Marijuana has been in the decriminalization process since 1973 with many states over the years passing laws to either authorize the use of marijuana or prohibit it. It is time to stop treating marijuana like a deadly drug, when science and public opinion agree that it is relatively safe for adult recreational and medical use. With recreational and medical marijuana on the verge of nationwide legalization, marijuana growers and dispensaries and grow facilities popping up everywhere.
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With $42 million having been announced in medical marijuana revenue during the first four months of sales in Michigan, the state’s policymakers face a distinct challenge. How do you make sure that a decent slice of that money goes to those who have had their lives turned upside-down by Drug War prohibition over the years? The state’s Marijuana Regulatory Agency [MRA] made part of its strategy to this end clear this week when it released details for a sweeping social equity program that will support cannabis entrepreneurs in 19 communities.
“We want to provide an opportunity to get into the business to individuals that might not otherwise have that opportunity,” commented MRA director Andrew Brisbo. “And we’re focusing our resources on those specific communities that have been disproportionately impacted.”
For qualifying applicants, the state has pledged to supply up to a 60 percent discount in application and licensing fees. Individuals will be eligible for more support if they have lived in one of the 19 communities for five years, if they have a marijuana criminal conviction, or if they have been a registered cannabis caregiver for at least two years between 2008 and 2017. Applicants in the program will also have access to industry educational resources, and easier access to governmental agencies that regulate “taxes, environmental laws, business registration, health and human services and occupational safety,” according to the Detroit Free Press.
The jurisdictions where the social equity program will take place are Albion, Benton Harbor, Detroit, East Lansing, Ecorse, Flint, Highland Park, Hamtramck, Inkster, Kalamazoo, Mt. Morris, Mt. Pleasant, Muskegon, Muskegon Heights, Niles, Pontiac, River Rouge, Saginaw, and Ypsilanti. They were selected because they had higher than state average rates of cannabis-related convictions, and for high poverty rates.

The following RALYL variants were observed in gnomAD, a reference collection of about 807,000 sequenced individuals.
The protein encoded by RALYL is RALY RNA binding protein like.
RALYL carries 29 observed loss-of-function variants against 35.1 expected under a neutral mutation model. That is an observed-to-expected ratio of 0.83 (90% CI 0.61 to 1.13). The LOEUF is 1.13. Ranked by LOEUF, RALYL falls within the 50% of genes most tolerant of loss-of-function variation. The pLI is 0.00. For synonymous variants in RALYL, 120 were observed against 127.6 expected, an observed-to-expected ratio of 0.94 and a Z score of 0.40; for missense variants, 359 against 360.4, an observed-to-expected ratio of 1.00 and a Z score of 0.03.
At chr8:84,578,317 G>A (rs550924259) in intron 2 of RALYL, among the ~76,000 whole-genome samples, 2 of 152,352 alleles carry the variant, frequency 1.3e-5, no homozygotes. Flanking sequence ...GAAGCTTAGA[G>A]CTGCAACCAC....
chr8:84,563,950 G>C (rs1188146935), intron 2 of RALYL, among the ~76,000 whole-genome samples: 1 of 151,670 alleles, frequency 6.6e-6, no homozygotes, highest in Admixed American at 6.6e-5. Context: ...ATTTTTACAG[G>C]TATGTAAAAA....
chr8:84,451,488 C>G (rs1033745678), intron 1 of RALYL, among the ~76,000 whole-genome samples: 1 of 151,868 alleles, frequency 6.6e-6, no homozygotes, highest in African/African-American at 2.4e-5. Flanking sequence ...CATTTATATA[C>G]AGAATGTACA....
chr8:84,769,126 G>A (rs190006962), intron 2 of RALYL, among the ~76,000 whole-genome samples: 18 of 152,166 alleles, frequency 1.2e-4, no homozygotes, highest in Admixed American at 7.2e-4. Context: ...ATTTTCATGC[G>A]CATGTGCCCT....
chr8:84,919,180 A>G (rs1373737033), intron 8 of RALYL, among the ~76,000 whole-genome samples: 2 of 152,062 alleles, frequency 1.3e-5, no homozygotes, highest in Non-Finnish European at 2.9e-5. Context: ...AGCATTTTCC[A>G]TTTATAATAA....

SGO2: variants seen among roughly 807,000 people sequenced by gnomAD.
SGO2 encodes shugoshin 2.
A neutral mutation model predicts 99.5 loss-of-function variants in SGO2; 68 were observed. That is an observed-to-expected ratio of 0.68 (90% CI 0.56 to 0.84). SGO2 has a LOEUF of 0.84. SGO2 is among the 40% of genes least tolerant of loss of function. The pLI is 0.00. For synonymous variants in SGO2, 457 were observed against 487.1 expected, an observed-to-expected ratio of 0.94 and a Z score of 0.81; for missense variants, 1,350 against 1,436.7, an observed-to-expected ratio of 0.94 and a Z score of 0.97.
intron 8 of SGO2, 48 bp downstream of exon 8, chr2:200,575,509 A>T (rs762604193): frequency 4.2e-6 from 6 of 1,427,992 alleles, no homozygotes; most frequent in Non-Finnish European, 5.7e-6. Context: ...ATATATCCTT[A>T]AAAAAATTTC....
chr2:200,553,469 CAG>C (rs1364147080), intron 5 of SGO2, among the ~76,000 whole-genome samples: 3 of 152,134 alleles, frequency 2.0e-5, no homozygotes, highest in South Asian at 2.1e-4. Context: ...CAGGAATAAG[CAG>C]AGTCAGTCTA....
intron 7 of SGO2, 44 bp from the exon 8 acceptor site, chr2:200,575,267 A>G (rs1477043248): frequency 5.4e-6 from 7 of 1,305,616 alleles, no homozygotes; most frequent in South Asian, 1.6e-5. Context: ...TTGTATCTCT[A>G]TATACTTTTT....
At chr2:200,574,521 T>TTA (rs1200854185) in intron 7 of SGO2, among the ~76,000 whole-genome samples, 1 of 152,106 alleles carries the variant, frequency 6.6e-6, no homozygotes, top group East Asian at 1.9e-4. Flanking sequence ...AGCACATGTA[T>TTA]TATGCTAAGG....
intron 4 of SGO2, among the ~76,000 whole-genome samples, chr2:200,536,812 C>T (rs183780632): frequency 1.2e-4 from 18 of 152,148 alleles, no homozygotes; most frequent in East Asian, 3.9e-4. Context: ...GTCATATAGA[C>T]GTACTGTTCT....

Michigan has announced that its goal is to give half of all marijuana business licenses in the 19 communities to people who take part in the social equity program.
“I think the incentive here is that … the rising tide lifts all boats,” said Brisbo. “This will provide an overall benefit to the community, ensure that individuals operating the facilities are from that community, and you’re providing good economic opportunities.”
This is not the only Drug War justice measure that has been discussed this week in the state. On Tuesday, State Senator Jeff Irwin presented a bill that would institute automatic expungement of low level cannabis misdemeanors. The legislation could affect 235,000 Michigan residents who currently have a blemish on their criminal record for an act that is no longer a crime. Irwin argued that the bill would reduce court fees to the state, as well as make expungement more accessible for those with little access to time off for the court dates, or money for the lawyer fees currently required by the case by case expungement petition system.
Michigan is certainly not the only state that is deliberating over how best to make its new cannabis system an equitable one for all residents. Many of the 10 states that have legalized adult use marijuana have instituted social equity programs. In addition to conducting studies on racial and gender disparity in the marijuana industry, Massachusetts followed a similar trajectory to Michigan in identifying geographic areas that were particularly poorly served by cannabis prohibition. In that state, people from 29 cities qualify for educational resources and priority licensing review.